Oh no, here comes another dad with a Bluetooth.
My colleague and I roll our eyes at each other in frustration. Another self-important junior executive who must be in touch with everyone in the world while his wife labors unsupported, I mutter with dismay as I rise from my chair to greet our newest birthing couple.
I have to coach myself: Change your attitude. Change your attitude, as I weigh the mom and escort the couple to the birthing room. Dad-to-Be proceeds to spread out his equipment on the dresser in front of the window while Mom-to-Be, in obvious distress, changes into a gown in the bathroom.
It occurs to me that I'm getting too old for this, as D-to-B struts about the room, speaking into the air. I spend the remainder of the shift trying to find ways to engage him in the care and support of his wife. I'm only partly successful: I teach him to apply counterpressure for his wife's back pain, but even in this he works with one hand, keeping the other on his computer keyboard.
While strolling in the hallway pushing her IV pole or digging in the freezer for an ice pop, he speaks loudly into the air, gesturing to an unseen business associate. I draw the water for her whirlpool. If he only knew what he's missing. . . .
Communication technology has changed the culture of our birthing rooms in many ways. Consider the group of teenagers in the hallway, each one on a cell phone while their girlfriend labors; the new aunt with her feet firmly planted at the side of the infant care center while taking a picture with her cell phone; or the patient texting during a pelvic exam, while she miscarries. Consider the challenge of reviewing discharge instructions while all eyes go to the cell phone vibrating on the over-the-bed table, the educational opportunity vanishing.
By the end of the shift with D-to-B and his equipment, I'm thinking maybe we need to put up a new sign about cell phone etiquette. I'm even thinking we should ban cell phone usage altogether.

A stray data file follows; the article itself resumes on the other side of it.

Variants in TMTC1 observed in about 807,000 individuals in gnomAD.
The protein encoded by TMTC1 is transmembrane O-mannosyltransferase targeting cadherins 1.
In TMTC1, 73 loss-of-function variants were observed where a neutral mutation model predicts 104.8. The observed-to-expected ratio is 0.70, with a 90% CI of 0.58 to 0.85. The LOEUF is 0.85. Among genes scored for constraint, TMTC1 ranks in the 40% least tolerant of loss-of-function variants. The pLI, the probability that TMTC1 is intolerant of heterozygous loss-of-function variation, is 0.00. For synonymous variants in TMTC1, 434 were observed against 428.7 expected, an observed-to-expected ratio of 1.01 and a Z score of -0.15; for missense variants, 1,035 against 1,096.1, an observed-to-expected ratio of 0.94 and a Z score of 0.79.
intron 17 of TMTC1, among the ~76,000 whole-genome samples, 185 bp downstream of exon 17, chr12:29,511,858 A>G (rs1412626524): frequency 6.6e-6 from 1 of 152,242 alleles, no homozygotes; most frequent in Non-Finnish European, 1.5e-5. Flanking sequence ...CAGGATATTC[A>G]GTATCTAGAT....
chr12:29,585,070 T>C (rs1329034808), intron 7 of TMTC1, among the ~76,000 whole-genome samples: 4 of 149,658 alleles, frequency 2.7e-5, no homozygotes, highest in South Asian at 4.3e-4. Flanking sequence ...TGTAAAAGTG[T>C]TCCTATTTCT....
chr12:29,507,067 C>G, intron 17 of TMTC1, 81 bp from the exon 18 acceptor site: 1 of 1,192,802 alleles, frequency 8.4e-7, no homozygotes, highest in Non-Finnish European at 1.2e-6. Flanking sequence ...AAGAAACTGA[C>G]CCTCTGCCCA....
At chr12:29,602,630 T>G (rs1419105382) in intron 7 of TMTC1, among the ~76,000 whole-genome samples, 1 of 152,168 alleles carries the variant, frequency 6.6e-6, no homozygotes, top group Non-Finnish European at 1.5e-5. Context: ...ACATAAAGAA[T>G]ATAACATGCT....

But one evening the patient is a young woman who's already been through three miscarriages and a stillbirth. Now, at 18-weeks gestation, she's bleeding and contracting. Her husband, a truck driver, is in the next state, at least three hours away. Her mother is frantically trying to contact him on the cell phone, while at the same time attempting to comfort her sobbing daughter.
Finally, the husband is reached. I'm told he's turned his truck around and is heading for the hospital. Labor is progressing rapidly, as I finish injecting a second dose of Nubain. The patient's mother is on the phone—as she has been almost continuously since she arrived. The patient begins to feel pressure. Her mother doesn't hang up, but she has to put the phone down momentarily so she can stroke her daughter's forehead and arm. One mild push and the tiny baby is in my hand, her heart beating visibly inside her tiny chest.
"She's alive!" her grandmother says.
I place the child's limp body on a towel and gently lay her on her mother's abdomen. In a second, the grand-mother is back on the phone; I watch in tearful disbelief as she puts the phone next to the baby's head.
I can hear the child's father repeating, "I love you, Daddy loves you," to his newborn child, from somewhere along Interstate 81.
I'd be lying if I said the sight of a Bluetooth doesn't start the growling in my head, or the chatter of several cell phone conversations outside a birthing room doesn't make me want to shut the door. But despite the irritations of communication technology, I have to say I'm thankful for the meaningful connections it sometimes does make possible.